Archive for June, 2014

Simmaron Research Foundation Study Targeting Roots of Immune System Breakdown in Chronic Fatigue Syndrome (ME/CFS)

June 13, 2014

Simmaron Research’s  new immune study builds on exciting research that is changing how we think about ME/CFS.

Twenty years ago  the internationally known virus hunter, Dr. Ian Lipkin of Columbia University, didn’t find Borna Virus in people with ME/CFS, but he never forgot the immune dysfunction he found.  Twenty years later he found more immune dysfunction in another study.

Isabel Barao, PhD, Simmaron Research Scientific Director

Isabel Barao, PhD, the Simmaron Research Foundations Scientific Director believes a genetic predisposition to immune problems could underlie ME/CFS

He doesn’t know why it’s there but he does believe that all ME/CFS cases – no matter what pathogen or other factor has triggered them –  devolve to a ‘common pathway’. The fact that pathogens of all types – from Epstein-Barr Virus, to SARS, to Giardia – can trigger ME/CFS suggests a core immune deficiency lies at the heart of the illness.

Every genetic study suggests an inherited susceptibility to Chronic Fatigue Syndrome is present. Dr. Mady Hornig of the Center for Infection and Immunity at Columbia University believes that a genetic predisposition in combination with an environmental trigger (such as an infection) occurring at just the right (wrong) time is probably key to coming down with ME/CFS.

For thirty or forty years you might be able to easily slough off this bug or that pathogen, but at some point for some reason the stars aligned; you were depleted in just the right way, the pathogen hit and with your immune system genetically predisposed to crack under the pressure – it did – and your entire system faltered.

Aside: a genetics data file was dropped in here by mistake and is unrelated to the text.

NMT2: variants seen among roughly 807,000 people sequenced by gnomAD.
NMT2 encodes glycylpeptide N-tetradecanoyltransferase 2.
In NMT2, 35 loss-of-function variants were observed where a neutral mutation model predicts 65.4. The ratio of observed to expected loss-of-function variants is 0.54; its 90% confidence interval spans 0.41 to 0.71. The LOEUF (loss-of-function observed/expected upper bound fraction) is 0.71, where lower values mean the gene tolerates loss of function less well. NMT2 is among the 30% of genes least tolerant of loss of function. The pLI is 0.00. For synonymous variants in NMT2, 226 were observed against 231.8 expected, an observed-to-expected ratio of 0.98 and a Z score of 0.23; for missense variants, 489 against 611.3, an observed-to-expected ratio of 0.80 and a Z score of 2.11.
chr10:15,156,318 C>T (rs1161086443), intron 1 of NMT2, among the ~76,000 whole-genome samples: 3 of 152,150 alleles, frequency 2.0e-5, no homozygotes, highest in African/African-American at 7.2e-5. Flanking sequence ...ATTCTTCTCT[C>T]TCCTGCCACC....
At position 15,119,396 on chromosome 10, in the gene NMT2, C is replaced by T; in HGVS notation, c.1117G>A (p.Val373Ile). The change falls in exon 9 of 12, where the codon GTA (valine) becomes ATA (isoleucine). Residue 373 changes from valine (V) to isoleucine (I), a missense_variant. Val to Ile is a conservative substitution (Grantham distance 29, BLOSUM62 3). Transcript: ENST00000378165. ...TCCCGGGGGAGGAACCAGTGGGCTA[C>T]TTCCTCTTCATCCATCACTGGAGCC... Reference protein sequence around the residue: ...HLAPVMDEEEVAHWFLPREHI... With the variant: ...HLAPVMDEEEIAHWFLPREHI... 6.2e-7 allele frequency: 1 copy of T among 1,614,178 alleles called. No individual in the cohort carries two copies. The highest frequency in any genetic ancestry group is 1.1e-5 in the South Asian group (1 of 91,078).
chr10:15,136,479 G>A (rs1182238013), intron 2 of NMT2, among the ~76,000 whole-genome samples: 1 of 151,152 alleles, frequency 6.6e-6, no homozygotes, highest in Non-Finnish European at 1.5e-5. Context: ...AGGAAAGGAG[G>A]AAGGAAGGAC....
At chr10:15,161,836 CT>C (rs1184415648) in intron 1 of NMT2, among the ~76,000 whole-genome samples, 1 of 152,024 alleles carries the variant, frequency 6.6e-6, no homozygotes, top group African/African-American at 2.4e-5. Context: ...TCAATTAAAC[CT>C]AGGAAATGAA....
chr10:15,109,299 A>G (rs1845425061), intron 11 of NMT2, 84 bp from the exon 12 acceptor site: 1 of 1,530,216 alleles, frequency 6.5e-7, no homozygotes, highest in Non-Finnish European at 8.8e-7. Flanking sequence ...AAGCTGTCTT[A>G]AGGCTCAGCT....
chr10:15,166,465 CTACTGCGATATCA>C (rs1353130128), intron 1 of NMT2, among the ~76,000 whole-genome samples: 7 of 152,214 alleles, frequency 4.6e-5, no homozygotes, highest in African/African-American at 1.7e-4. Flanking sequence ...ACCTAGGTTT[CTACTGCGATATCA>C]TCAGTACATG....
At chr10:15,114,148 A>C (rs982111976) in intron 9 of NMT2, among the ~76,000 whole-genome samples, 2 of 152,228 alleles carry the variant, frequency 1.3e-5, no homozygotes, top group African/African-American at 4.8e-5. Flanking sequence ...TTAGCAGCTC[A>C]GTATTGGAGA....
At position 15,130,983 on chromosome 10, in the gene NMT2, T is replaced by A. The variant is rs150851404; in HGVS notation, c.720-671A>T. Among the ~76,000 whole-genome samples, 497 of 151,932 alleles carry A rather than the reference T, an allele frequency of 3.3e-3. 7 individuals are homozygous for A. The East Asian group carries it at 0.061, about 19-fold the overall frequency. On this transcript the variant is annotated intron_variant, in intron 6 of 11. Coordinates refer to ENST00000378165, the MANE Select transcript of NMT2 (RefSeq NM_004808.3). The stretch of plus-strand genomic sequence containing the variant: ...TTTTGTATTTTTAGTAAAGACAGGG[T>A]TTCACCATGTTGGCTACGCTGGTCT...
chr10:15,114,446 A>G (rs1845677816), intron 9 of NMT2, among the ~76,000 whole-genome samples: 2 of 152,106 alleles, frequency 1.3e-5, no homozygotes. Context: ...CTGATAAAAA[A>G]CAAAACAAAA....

gene strand

Simmaron is looking for the genetic roots of an immune system breakdown

Simmaron Research’s next pilot study is looking for that immune crack in the dike – the genetic underpinnings of the system collapse that occurred. Led by Simmaron’s Scientific Director, Isabel Barao, PhD, in collaboration with researchers at the National Cancer Institute and University of Nevada Reno, it will determine if your NK and B-cells and macrophages are genetically predisposed to respond poorly to a virus, toxin, or cancer cell.

Dr. Barao is studying whether people with ME/CFS have polymorphisms – unusual gene formations – that make their key immune cells less likely to respond well to viruses and other threats. That immune ‘hole’ many people have talked about with regards to ME/CFS could start here. We all know about the rampant NK cell problems in ME/CFS, but this study could help explain the B-cell problems recently uncovered in a German research study – and perhaps even shed light on why Rituximab may be working in some patients.

It’s the initial part of a projected three-part study that could end with drugs for ME/CFS. Once genetic alterations have been found, they’ll be correlated with immune findings. If that holds up, it’ll  be time to look for drugs to fix the problem, two of which are currently in clinical trials.

We-Have-Ideas

Support the Simmaron Research Foundation as it redefines how ME/CFS is understood and treated

Think about it. The high heritability rates in ME/CFS indicate genetic problems exist somewhere. Where better to look than the immune system?